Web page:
Satellite network upgrade awarded

The Air Force announced last week that it has selected a team led by Honeywell Technology Solutions Inc. for the service's Satellite Control Network Contract (SCNC), which is worth an estimated $1.2 billion for up to 15 years.

Honeywell will replace communications technologies that make up the ground network and tracking systems of the Air Force Satellite Control Network (AFSCN), installing improved components and antenna systems to ensure that the system is operational 24 hours a day.

AFSCN consists of two communications and operational control centers, as well as multiple antennas, at nine sites worldwide. These ground stations are the communications link between the National Command Authorities -- the president and the secretary of Defense or their designees -- and U.S. forces worldwide.

The SCNC program consolidates development, systems engineering, integration and sustaining functions into one contract for the AFSCN.

The Honeywell SCNC team includes:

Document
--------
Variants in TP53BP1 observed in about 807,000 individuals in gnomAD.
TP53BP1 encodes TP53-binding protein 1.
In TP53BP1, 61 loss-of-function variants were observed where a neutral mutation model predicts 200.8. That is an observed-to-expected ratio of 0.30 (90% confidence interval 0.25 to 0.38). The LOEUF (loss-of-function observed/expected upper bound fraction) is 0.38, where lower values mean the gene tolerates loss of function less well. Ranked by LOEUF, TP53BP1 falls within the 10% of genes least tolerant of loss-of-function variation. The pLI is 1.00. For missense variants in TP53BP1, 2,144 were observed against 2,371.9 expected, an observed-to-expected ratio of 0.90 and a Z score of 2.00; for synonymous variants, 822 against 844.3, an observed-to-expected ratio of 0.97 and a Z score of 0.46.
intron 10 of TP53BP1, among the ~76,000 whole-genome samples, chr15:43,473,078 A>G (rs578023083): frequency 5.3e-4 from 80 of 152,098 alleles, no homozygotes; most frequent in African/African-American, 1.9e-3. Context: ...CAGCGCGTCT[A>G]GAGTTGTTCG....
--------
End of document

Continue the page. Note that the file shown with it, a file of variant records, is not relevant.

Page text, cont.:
* TRW Inc., a systems integrator and satellite ground station developer.

* L-3 Communications, which has 35 years of AFSCN software sustainment experience.

* Booz Allen Hamilton, charged with helping form the plan to implement a future systems architecture.

* Sparta Inc., a small business providing modeling and simulation support.

* Integral Systems Inc., a small business providing software design and development expertise.

* IITC, a small, disadvantaged business, managing the SCNC end-to-end IT effort.

Garrett Mikita, president of Honeywell Technology Solutions, said the company's team will "supply the integrated, cost-effective command and data connectivity between mission controllers and their space vehicles" that the Air Force expects.

Featured

  • IT Modernization
    shutterstock image By enzozo; photo ID: 319763930

    OMB provides key guidance for TMF proposals amid surge in submissions

    Deputy Federal CIO Maria Roat details what makes for a winning Technology Modernization Fund proposal as agencies continue to submit major IT projects for potential funding.

  • gears and money (zaozaa19/Shutterstock.com)

    Worries from a Democrat about the Biden administration and federal procurement

    Steve Kelman is concerned that the push for more spending with small disadvantaged businesses will detract from the goal of getting the best deal for agencies and taxpayers.

Stay Connected